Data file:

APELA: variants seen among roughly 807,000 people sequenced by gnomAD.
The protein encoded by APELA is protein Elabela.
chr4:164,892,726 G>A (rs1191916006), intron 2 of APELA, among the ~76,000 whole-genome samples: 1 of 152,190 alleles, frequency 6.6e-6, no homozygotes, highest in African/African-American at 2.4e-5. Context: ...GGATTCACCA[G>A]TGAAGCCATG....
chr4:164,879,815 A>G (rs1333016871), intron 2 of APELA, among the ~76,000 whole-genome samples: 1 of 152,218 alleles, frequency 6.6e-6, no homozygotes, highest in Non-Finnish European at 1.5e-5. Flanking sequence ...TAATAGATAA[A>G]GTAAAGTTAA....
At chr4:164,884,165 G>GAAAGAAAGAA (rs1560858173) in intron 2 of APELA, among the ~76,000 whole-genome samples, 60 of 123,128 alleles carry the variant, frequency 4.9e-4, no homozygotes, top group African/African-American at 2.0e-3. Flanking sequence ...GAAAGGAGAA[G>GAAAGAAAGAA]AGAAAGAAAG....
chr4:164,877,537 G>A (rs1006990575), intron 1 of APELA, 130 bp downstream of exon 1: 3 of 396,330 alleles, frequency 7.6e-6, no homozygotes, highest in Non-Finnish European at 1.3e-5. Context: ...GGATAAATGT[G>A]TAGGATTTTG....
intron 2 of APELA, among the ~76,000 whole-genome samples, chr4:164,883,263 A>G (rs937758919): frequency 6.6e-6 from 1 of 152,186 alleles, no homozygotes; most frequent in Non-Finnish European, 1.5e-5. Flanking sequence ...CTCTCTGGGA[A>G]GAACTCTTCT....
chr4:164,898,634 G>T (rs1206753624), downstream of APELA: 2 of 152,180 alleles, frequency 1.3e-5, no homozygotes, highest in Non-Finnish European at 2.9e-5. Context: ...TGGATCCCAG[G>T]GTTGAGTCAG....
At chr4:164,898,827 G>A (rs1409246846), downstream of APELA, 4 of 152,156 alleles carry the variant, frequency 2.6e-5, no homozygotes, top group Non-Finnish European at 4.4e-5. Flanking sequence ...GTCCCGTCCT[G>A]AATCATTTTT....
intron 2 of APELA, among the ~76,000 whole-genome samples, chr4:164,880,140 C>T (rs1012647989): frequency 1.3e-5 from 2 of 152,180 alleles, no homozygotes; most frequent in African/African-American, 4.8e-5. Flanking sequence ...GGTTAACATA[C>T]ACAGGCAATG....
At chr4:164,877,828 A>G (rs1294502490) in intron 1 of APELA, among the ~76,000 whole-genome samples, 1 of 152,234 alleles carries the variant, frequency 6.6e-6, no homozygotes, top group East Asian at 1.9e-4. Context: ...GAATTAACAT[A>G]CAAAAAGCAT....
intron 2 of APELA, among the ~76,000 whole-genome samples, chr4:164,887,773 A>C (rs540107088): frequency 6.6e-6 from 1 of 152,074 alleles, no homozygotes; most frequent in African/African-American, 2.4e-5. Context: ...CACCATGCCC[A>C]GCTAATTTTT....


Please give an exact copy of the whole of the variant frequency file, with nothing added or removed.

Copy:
APELA: variants seen among roughly 807,000 people sequenced by gnomAD.
The protein encoded by APELA is protein Elabela.
chr4:164,892,726 G>A (rs1191916006), intron 2 of APELA, among the ~76,000 whole-genome samples: 1 of 152,190 alleles, frequency 6.6e-6, no homozygotes, highest in African/African-American at 2.4e-5. Context: ...GGATTCACCA[G>A]TGAAGCCATG....
chr4:164,879,815 A>G (rs1333016871), intron 2 of APELA, among the ~76,000 whole-genome samples: 1 of 152,218 alleles, frequency 6.6e-6, no homozygotes, highest in Non-Finnish European at 1.5e-5. Flanking sequence ...TAATAGATAA[A>G]GTAAAGTTAA....
At chr4:164,884,165 G>GAAAGAAAGAA (rs1560858173) in intron 2 of APELA, among the ~76,000 whole-genome samples, 60 of 123,128 alleles carry the variant, frequency 4.9e-4, no homozygotes, top group African/African-American at 2.0e-3. Flanking sequence ...GAAAGGAGAA[G>GAAAGAAAGAA]AGAAAGAAAG....
chr4:164,877,537 G>A (rs1006990575), intron 1 of APELA, 130 bp downstream of exon 1: 3 of 396,330 alleles, frequency 7.6e-6, no homozygotes, highest in Non-Finnish European at 1.3e-5. Context: ...GGATAAATGT[G>A]TAGGATTTTG....
intron 2 of APELA, among the ~76,000 whole-genome samples, chr4:164,883,263 A>G (rs937758919): frequency 6.6e-6 from 1 of 152,186 alleles, no homozygotes; most frequent in Non-Finnish European, 1.5e-5. Flanking sequence ...CTCTCTGGGA[A>G]GAACTCTTCT....
chr4:164,898,634 G>T (rs1206753624), downstream of APELA: 2 of 152,180 alleles, frequency 1.3e-5, no homozygotes, highest in Non-Finnish European at 2.9e-5. Context: ...TGGATCCCAG[G>T]GTTGAGTCAG....
At chr4:164,898,827 G>A (rs1409246846), downstream of APELA, 4 of 152,156 alleles carry the variant, frequency 2.6e-5, no homozygotes, top group Non-Finnish European at 4.4e-5. Flanking sequence ...GTCCCGTCCT[G>A]AATCATTTTT....
intron 2 of APELA, among the ~76,000 whole-genome samples, chr4:164,880,140 C>T (rs1012647989): frequency 1.3e-5 from 2 of 152,180 alleles, no homozygotes; most frequent in African/African-American, 4.8e-5. Flanking sequence ...GGTTAACATA[C>T]ACAGGCAATG....
At chr4:164,877,828 A>G (rs1294502490) in intron 1 of APELA, among the ~76,000 whole-genome samples, 1 of 152,234 alleles carries the variant, frequency 6.6e-6, no homozygotes, top group East Asian at 1.9e-4. Context: ...GAATTAACAT[A>G]CAAAAAGCAT....
intron 2 of APELA, among the ~76,000 whole-genome samples, chr4:164,887,773 A>C (rs540107088): frequency 6.6e-6 from 1 of 152,074 alleles, no homozygotes; most frequent in African/African-American, 2.4e-5. Context: ...CACCATGCCC[A>C]GCTAATTTTT....